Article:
2 I was flying on one of the DC-9-50s that Delta inherited in their merger with Northwest, who had inherited this one from their merger with Republic. It was this exact one, built in 1979, except it now features Delta's paint scheme.
3 Steve arrived on a DC-9 from St. Louis, though his scheduled gate was still occupied when he showed up. So his plane sat on the ground for a while until a gate opened up. Interesting fact: Steve's DC-9 was the plane made directly before mine, if the registration numbers correspond to when they were built.
4 This is particularly apt, because the neighborhood is actually a mixture of immigrants (primarily from Eastern Africa), college kids, and the working class. It's actually very nice, even if it looks a bit dicey.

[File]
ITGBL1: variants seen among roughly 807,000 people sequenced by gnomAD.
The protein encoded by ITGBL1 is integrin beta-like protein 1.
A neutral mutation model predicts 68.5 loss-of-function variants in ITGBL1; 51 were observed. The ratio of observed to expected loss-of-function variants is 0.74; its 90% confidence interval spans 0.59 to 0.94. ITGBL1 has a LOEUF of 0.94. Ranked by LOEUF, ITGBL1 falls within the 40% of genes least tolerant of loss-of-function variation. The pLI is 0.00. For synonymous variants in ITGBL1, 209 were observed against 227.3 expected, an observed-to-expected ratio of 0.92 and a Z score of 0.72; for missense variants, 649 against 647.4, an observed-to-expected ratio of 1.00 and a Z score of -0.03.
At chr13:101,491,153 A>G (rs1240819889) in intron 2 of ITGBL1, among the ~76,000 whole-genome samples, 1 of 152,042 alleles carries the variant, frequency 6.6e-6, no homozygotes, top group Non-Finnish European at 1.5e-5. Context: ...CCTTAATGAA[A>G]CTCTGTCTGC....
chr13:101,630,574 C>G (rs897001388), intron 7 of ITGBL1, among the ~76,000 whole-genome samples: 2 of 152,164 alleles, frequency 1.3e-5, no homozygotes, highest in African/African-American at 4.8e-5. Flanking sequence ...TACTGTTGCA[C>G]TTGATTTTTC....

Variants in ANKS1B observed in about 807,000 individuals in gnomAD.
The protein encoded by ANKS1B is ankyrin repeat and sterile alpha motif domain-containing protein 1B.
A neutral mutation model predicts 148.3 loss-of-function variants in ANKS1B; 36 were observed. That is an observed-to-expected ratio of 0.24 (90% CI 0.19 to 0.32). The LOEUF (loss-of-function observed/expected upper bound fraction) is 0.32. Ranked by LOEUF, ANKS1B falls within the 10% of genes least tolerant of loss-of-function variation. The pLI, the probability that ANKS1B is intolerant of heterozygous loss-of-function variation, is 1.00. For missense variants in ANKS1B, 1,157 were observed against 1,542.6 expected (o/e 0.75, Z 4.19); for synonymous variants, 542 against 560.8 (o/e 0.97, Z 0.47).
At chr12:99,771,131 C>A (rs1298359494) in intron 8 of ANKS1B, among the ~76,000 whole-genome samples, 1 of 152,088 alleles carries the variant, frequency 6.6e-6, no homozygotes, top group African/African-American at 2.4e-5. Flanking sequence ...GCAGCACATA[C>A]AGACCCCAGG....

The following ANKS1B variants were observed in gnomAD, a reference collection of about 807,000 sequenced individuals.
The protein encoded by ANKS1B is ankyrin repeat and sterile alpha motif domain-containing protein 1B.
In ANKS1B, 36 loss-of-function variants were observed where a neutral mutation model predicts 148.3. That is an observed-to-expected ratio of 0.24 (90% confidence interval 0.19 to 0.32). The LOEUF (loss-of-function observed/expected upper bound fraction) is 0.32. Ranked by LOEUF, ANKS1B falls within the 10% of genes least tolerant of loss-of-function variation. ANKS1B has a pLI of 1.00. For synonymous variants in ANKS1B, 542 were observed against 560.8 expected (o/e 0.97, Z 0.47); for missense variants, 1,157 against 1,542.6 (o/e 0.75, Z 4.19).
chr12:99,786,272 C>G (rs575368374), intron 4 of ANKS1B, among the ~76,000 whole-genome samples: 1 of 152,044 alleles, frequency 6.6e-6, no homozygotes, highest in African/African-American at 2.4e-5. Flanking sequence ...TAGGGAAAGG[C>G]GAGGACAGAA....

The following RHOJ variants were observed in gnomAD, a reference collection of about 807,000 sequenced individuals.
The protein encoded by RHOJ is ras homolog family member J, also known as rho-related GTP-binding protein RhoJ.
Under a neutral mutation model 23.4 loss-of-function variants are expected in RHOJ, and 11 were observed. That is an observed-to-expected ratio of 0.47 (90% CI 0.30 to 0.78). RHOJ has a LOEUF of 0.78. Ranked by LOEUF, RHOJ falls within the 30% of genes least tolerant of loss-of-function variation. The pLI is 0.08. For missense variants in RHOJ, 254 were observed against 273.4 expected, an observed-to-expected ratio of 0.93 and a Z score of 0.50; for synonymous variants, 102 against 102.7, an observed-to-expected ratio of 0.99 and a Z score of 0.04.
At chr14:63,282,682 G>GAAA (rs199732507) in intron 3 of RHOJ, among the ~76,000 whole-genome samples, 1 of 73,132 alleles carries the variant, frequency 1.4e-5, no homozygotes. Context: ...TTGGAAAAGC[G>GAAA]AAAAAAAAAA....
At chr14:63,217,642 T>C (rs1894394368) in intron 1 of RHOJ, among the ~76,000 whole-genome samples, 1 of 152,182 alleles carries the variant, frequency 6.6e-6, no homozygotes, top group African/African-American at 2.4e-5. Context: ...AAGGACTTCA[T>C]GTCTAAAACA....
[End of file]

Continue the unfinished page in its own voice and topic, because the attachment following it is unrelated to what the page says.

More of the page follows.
5 Had we known, we would totally have pretended to know that one person who was having that one thing that required all those people on that one list.
6 I'd have paid good money, though, to see James Brown berate and whoop on the stupid skinny stoner suckers playing his funkiest number. Sacrilege.
7 This is actually a picture of Maps and Atlases, a band from Chicago. But that photo is the first thing that showed up when I googled "Indie Band." Interesting Fact: My old band recorded with the bassist (second from left).
8 I'm terrible at reviewing music.
9 General consensus from the MPLS crowd was that the Midwest includes: Minnesota, Wisconsin, Illinois, Indiana, and Michigan. Steve and I said we considered Missouri part of the Midwest, and I said Ohio is part of the Midwest. I would probably throw Iowa into the mix, too. So, what say you?
Monday, April 5, 2010
Actually, I'm not going to write this week. Contain your disappointment by reading something worthwhile.